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The dual function model of attachment security priming: theoretical framework and empirical evidence

Ai, Ting, Gillath, Omri and Karantzas, Gery C. 2020, The dual function model of attachment security priming: theoretical framework and empirical evidence, International journal of environmental research and public health, vol. 17, no. 21, pp. 1-13, doi: 10.3390/ijerph17218093.

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Title The dual function model of attachment security priming: theoretical framework and empirical evidence
Author(s) Ai, Ting
Gillath, Omri
Karantzas, Gery C.ORCID iD for Karantzas, Gery C. orcid.org/0000-0002-1503-2991
Journal name International journal of environmental research and public health
Volume number 17
Issue number 21
Article ID 8093
Start page 1
End page 13
Total pages 13
Publisher MDPI AG
Place of publication Basel, Switzerland
Publication date 2020
ISSN 1660-4601
Keyword(s) attachment security
dual function model
priming
salivary cortisol
Summary According to attachment theory, security providing attachment figures fulfill two main functions: (1) safe haven—providing safety and comfort and reducing stress—helping people regain a sense of security; and (2) secure base—providing resources and a base from which people can spring into action. According to the Dual Function of Security Priming Model, security priming can result in one of two outcomes paralleling these two functions. Which outcome is likely to present itself depends on the level of stress imposed by the context. Here we describe the Dual Function Model of Security Priming (DFSP) Model and provide evidence from a study examining the effects of attachment security priming on hypothalamic-pituitary-adrenal activity. In the study, participants were exposed to security-related cues under high or low/no-stress conditions, while their salivary cortisol concentrations were measured. Cortisol is a suitable index as it is released not only in response to stress, but also more generally when energy needs to be mobilized. We found that while security priming led to significant decreases in salivary cortisol concentrations when presented after a stressor (stress reduction), it led to a significant increase in salivary cortisol concentrations when presented before the stressor (energy mobilization)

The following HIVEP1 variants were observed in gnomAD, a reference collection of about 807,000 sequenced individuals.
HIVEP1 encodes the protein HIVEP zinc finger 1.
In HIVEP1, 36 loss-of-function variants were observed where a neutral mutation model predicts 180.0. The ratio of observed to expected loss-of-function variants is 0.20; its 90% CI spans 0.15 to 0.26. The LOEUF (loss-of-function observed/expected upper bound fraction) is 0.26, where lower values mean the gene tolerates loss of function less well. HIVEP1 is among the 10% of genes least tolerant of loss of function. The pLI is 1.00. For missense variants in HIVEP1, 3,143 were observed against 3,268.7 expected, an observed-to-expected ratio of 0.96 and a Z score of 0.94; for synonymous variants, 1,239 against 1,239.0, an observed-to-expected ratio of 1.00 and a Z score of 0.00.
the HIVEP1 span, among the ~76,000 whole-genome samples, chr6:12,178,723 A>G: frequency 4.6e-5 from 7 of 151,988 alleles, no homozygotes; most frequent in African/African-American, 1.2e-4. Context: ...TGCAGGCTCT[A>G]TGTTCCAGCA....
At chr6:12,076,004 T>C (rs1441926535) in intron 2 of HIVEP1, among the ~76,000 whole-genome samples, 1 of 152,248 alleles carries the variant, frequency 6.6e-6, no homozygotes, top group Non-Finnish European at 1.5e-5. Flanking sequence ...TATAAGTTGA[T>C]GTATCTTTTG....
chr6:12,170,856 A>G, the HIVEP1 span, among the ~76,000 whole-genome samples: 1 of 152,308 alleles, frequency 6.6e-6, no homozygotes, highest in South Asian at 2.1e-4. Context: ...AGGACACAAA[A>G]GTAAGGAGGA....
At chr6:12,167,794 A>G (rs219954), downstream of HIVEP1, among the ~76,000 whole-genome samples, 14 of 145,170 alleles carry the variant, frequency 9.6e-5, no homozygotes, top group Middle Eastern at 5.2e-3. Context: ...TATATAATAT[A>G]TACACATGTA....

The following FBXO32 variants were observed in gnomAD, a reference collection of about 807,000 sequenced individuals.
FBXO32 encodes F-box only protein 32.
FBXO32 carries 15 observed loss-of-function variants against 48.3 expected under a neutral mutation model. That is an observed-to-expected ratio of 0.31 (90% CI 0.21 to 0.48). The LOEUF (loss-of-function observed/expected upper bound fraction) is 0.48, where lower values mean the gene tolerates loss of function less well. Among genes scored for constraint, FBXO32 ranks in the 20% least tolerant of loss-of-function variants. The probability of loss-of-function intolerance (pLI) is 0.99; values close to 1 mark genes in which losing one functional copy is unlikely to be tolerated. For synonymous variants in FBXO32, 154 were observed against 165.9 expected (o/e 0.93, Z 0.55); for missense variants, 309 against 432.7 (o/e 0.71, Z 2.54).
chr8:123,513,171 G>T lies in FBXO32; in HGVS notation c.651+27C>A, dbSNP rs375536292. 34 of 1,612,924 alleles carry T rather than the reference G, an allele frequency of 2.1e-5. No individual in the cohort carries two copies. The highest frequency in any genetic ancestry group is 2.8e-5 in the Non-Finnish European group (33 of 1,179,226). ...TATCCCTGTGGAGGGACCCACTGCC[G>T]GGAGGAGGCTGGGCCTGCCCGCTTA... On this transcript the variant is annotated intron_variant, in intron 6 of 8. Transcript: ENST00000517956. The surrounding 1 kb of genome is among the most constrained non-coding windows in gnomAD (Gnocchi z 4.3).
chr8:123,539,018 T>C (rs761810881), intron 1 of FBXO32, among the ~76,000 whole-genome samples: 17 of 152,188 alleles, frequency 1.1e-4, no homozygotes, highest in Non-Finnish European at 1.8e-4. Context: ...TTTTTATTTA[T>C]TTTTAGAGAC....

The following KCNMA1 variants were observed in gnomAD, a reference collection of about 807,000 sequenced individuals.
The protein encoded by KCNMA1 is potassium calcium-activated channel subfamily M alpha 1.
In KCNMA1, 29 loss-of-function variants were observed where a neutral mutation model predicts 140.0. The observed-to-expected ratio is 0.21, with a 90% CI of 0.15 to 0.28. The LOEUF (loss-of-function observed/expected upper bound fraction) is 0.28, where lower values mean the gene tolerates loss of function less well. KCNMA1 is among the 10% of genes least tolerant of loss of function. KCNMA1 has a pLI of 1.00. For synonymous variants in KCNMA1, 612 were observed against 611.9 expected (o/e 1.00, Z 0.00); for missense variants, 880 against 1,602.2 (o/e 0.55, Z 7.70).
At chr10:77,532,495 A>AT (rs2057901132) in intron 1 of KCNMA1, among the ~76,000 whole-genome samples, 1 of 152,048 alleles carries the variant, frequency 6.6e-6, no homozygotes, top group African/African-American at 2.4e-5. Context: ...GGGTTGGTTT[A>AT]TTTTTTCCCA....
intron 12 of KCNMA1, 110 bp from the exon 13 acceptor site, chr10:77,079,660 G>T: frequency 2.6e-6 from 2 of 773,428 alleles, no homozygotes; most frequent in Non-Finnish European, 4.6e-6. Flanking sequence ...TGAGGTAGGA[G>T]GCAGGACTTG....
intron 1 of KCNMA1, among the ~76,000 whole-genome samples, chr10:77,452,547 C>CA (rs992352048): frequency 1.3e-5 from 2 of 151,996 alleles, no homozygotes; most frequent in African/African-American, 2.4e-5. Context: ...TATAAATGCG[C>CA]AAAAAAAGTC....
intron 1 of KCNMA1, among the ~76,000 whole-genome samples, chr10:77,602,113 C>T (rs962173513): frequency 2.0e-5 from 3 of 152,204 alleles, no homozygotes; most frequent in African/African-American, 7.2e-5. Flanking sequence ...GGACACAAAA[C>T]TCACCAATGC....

Language eng
DOI 10.3390/ijerph17218093
Indigenous content off
HERDC Research category C1 Refereed article in a scholarly journal
Free to Read? Yes
Persistent URL http://hdl.handle.net/10536/DRO/DU:30145587

Document type: Journal Article
Collections: Faculty of Health
School of Psychology
Open Access Collection
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Every reasonable effort has been made to ensure that permission has been obtained for items included in DRO. If you believe that your rights have been infringed by this repository, please contact drosupport@deakin.edu.au.